This was made up of volunteers who refused to accept the defeat of their country and who carried out clandestine activities in the name of national liberty and human dignity. Resistance took many varied forms in Europe, especially in the occupied countries and it also existed in Germany. Among civilians it might take the form of administrative sabotage, strikes and demonstrations, for example those of the Belgian miners who, from 1943, refused to work for the Germans. It might lead to the setting up of information gathering networks to report to the Allies. The Red Orchestra for example informed Moscow of Nazi intentions.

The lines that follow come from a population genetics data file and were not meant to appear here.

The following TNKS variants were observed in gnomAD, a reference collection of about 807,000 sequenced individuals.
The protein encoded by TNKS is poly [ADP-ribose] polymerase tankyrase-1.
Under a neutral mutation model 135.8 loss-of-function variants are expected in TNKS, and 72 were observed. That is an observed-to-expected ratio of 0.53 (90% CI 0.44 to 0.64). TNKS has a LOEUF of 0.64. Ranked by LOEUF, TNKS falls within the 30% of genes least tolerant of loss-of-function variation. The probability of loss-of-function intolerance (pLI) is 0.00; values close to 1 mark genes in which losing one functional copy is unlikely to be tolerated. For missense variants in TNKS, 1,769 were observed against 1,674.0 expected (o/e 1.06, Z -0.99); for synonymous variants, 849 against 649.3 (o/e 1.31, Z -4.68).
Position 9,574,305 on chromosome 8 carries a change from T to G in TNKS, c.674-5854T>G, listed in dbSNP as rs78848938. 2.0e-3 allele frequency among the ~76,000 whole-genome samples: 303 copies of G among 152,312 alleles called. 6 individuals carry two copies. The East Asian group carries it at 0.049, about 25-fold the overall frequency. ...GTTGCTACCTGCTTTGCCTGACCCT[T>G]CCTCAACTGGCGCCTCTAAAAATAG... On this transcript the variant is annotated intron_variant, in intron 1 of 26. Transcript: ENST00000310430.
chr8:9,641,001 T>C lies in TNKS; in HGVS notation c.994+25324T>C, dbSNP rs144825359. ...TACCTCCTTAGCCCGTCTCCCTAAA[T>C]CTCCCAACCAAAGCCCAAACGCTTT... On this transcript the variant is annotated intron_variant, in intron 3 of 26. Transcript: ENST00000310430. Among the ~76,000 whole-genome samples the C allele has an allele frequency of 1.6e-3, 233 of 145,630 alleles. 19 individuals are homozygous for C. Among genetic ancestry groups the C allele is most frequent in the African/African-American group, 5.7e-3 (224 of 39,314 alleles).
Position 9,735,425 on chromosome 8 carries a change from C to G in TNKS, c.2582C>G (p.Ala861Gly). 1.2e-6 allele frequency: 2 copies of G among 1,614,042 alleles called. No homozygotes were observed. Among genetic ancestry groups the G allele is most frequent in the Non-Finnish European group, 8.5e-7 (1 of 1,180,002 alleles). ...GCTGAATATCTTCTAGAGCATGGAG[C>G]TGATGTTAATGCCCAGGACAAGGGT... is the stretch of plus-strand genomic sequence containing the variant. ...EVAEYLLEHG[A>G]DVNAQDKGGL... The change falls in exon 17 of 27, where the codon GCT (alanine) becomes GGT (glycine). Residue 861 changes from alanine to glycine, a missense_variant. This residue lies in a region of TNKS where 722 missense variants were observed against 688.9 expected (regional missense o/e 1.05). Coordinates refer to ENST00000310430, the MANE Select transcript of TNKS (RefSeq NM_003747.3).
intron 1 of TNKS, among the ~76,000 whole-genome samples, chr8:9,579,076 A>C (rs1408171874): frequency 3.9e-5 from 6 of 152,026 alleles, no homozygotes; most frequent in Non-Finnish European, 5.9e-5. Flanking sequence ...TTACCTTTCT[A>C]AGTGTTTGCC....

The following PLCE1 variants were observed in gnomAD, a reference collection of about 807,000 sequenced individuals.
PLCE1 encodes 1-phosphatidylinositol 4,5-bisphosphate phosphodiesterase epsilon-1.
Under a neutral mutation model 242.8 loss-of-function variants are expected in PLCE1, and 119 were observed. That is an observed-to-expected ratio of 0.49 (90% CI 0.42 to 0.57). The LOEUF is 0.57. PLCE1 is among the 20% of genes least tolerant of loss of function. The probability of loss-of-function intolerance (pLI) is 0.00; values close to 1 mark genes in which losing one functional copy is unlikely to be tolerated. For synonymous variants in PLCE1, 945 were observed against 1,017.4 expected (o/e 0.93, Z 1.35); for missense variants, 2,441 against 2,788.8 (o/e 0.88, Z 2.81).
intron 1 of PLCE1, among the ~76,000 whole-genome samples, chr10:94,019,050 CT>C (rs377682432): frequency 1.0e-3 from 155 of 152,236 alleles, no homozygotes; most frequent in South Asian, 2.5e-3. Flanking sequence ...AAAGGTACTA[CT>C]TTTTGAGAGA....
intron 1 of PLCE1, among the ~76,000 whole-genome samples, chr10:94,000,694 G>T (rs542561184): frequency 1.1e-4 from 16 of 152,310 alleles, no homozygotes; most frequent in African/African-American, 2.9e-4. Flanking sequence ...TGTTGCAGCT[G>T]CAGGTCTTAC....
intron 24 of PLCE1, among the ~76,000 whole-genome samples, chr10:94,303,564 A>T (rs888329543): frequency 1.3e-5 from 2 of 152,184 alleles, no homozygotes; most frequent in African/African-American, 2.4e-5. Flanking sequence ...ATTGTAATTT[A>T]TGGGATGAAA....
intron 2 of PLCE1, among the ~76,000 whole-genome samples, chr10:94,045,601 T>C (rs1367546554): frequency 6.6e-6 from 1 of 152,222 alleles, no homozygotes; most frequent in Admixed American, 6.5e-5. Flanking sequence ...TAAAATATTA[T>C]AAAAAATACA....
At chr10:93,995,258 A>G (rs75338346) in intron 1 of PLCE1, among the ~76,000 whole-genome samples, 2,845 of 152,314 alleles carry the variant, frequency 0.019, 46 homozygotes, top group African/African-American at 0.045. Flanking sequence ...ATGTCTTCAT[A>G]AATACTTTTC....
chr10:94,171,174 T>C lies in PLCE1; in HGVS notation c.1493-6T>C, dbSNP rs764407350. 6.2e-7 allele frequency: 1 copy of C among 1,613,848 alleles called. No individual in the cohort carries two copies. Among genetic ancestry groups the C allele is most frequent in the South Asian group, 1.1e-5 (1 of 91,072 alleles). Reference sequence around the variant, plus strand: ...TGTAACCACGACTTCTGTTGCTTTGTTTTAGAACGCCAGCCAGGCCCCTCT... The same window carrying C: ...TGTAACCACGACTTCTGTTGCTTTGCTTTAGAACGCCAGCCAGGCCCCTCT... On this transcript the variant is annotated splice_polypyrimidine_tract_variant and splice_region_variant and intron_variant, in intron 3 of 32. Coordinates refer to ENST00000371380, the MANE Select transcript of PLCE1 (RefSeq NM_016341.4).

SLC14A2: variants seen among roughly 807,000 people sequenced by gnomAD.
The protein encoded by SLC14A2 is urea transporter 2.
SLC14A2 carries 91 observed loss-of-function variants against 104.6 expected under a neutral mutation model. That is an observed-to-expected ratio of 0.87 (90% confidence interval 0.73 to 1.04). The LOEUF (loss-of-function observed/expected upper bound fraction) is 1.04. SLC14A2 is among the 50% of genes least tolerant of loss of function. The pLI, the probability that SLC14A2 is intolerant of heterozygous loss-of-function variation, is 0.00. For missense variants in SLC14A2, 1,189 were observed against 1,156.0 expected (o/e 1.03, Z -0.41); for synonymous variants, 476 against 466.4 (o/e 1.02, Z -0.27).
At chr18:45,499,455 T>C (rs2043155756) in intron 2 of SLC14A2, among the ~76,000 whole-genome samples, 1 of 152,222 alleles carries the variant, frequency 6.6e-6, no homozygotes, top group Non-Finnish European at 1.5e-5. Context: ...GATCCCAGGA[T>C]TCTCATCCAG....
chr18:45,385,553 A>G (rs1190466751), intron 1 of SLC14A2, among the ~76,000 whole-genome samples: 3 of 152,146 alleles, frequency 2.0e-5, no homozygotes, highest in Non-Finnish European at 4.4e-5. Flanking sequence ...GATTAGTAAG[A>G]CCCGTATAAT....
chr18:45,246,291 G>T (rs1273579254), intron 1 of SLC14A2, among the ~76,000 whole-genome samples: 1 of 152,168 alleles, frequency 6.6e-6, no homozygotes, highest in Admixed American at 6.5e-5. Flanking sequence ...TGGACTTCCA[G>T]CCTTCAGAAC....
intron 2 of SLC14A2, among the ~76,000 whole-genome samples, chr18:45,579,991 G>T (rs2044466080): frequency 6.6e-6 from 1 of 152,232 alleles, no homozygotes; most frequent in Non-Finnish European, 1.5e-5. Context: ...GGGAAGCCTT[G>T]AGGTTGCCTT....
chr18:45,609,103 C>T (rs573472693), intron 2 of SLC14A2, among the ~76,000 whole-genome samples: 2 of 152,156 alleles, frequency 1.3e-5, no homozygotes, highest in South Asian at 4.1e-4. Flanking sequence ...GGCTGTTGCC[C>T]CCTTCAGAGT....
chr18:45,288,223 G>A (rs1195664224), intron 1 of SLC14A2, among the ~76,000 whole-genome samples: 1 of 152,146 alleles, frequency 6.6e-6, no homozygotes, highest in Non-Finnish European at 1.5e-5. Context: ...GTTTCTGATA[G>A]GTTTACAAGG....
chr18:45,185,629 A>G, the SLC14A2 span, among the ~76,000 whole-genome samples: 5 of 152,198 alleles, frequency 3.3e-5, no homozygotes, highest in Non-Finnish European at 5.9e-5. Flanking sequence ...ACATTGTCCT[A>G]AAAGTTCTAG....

Armed resistance was much more complicated. They organised information gathering networks, escape routes (for example for the Danish Jews who were evacuated to Sweden in 1943) and of course armed direct action - assassination attempts attacks, sabotage, guerrilla warfare). The members of these groups lived in hiding in the countryside or maquis. It is impossible to draw up a portrait of a European resistant. The reasons that led people to resist differed from one person to another, firstly there was the desire to fight against fascism and Nazism which included those on the right in politics as well as those on the left, those that were religious and those that were not. People in the Resistance came from all walks of life and all classes. There were also those with a personal motive especially among the young. In France there was also a desire to escape the Obligatory Labour Service which led many young people, often untrained, to join the maquis.